By Eric Duran and Brian Latimer

More than a decade after the original “Queer Eye for the Straight Guy” ended its groundbreaking run on Bravo, the “Queer Eye” reboot on Netflix has won over a new generation of fans by sharing “hip tips” and “emotionally charged makeovers.” But the series’ stars say it’s about much more than culture and style — it’s about love, learning and acceptance.

“We all want the same thing at the end of the day,” Antoni Porowski, the show’s food and wine expert told NBC News. “We want to show up for our loved ones, we want to be good workers, we want to excel at whatever it is that we're passionate about.”

Image: Cast of Netflix's Queer Eye
Karamo Brown, left, Bobby Berk, Antoni Porowski, Tan France and Jonathan Van Ness attend Netflix's Queer Eye and GLSEN event at NeueHouse Hollywood on Aug. 12, 2018 in Hollywood, California.Matt Winkelmeyer / Getty Images for Netflix

Porowski said the diversity of the show’s “Fab Five” stars and those they help during each episode, have contributed to the success of the critically acclaimed reboot.

“You only learn, and you only become a better person the more different cultural backgrounds and heritages and ethnicities you know,” Porowski explained. “Diversity, I think is, is something that I've been around my whole life, and when it's not there, I miss it. It teaches us about different … things to eat, languages, it touches on fashion, grooming techniques — it can only be a good thing, in my mind.”

Throughout the series, the “Queer Eye” cast members — all of whom identify as LGBTQ — have used their influence and platform to discuss lesbian, gay, bisexual, transgender and queer issues. But Tan France, the series’ fashion expert, also said the show has enabled him and the other “Fab Five” guys to learn as well.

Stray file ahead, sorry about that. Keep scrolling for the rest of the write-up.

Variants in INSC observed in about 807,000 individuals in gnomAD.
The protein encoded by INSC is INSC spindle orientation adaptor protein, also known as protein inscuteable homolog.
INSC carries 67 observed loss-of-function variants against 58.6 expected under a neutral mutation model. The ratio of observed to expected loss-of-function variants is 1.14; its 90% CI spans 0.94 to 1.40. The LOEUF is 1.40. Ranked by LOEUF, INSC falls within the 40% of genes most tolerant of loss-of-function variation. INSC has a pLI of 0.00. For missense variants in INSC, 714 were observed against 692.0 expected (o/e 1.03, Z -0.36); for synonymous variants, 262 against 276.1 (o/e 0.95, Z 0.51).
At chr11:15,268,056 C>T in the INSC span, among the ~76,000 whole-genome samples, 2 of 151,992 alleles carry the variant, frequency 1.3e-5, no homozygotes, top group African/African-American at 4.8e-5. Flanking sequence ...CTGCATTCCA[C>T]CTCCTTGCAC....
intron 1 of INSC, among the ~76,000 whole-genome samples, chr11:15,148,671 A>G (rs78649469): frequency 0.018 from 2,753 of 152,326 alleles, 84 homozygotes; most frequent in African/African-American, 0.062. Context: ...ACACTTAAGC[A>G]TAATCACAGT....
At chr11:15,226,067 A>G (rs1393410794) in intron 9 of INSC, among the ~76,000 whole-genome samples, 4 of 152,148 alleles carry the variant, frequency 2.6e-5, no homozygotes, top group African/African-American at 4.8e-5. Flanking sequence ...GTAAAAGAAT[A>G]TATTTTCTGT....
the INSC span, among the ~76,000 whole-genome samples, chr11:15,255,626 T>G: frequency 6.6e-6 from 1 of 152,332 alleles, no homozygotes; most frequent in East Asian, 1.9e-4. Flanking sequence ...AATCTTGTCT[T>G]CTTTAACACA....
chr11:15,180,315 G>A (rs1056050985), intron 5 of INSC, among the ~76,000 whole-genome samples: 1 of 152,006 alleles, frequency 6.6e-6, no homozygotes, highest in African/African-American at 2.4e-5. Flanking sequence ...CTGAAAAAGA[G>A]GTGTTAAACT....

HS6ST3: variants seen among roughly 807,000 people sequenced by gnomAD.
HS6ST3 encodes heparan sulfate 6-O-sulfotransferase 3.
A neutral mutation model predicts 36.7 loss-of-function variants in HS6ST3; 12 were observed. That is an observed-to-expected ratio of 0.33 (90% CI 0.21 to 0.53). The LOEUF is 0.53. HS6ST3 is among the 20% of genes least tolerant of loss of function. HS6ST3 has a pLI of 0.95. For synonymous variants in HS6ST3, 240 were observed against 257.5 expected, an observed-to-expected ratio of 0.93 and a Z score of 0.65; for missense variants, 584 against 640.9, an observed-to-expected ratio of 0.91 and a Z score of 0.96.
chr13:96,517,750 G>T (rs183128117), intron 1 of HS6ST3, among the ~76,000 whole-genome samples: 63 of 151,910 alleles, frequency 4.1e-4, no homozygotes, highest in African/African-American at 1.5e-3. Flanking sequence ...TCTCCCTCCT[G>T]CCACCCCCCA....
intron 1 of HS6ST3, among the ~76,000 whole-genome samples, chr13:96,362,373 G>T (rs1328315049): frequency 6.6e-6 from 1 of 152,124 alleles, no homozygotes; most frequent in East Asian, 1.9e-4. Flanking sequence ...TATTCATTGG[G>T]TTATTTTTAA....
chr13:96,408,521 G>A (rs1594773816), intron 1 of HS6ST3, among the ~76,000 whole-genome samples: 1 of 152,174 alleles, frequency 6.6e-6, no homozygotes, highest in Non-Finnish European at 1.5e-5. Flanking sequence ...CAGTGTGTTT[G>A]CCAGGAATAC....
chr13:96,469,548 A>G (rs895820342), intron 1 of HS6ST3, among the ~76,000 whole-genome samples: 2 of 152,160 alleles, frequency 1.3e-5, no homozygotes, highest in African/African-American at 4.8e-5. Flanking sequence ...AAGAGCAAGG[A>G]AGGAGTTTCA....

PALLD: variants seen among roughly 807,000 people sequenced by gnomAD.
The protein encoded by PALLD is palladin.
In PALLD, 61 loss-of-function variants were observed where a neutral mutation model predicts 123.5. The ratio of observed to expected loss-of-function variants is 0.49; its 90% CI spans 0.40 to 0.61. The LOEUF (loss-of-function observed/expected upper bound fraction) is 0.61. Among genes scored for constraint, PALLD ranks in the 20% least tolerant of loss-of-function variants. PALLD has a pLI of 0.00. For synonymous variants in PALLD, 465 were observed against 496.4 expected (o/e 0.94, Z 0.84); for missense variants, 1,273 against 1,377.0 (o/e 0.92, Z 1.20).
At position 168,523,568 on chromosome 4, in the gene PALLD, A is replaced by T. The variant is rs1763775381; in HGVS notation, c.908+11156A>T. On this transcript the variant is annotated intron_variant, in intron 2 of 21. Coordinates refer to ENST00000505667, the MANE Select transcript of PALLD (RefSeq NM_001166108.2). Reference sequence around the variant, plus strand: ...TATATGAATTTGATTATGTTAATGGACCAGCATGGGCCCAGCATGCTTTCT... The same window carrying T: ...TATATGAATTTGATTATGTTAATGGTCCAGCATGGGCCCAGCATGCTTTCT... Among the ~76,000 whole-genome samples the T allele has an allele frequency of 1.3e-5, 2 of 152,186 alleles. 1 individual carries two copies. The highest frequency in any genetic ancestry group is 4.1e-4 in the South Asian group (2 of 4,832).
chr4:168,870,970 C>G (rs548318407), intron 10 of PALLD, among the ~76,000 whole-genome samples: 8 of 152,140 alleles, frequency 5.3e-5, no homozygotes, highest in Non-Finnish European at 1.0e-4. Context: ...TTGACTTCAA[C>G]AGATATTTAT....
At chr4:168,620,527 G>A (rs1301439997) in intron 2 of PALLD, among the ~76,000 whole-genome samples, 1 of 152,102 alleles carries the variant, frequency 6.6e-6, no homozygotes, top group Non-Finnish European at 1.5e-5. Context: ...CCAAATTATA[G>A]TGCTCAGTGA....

In an episode of season two, the “Queer Eye” cast had an opportunity to work with a transgender person, Skyler, and both France and Porowski, who recently sat down for an interview with NBC News, said it was a learning experience for them.

“I felt embarrassed not knowing up until that point what somebody like Skyler may have gone through,” France said. “I also thought, I don't want to embarrass myself on international television saying, ‘I don't really understand this.’ I'm so going to let go of that, and just wanted to be honest and say, ‘I don't know, and I'm not going to assume anything, you tell me, you guide me.’”

Porowski echoed Tan, saying working with Skyler taught him a lifelong lesson.

“I wanted to go in and just be inquisitive, and do it in a gentle, caring, respectful way, and the amount that I got to learn from Skyler about the trans community as a result of coming in with humility, is a lesson that I'm going to take on in all of my affairs going forward in life,” he said.

“Listening is so important, and just because we're hosts on a show, doesn't mean that we have to go in there and just preach whatever our culinary or fashion gospel is,” Porowski added. “Sometimes it's about sitting down and just asking questions and be like, ‘I'm embarrassed to say, that I don't know.’”

After two successful seasons earlier this year, the critically acclaimed show has been renewed for a third season, which is slated to premiere on Netflix in 2019.

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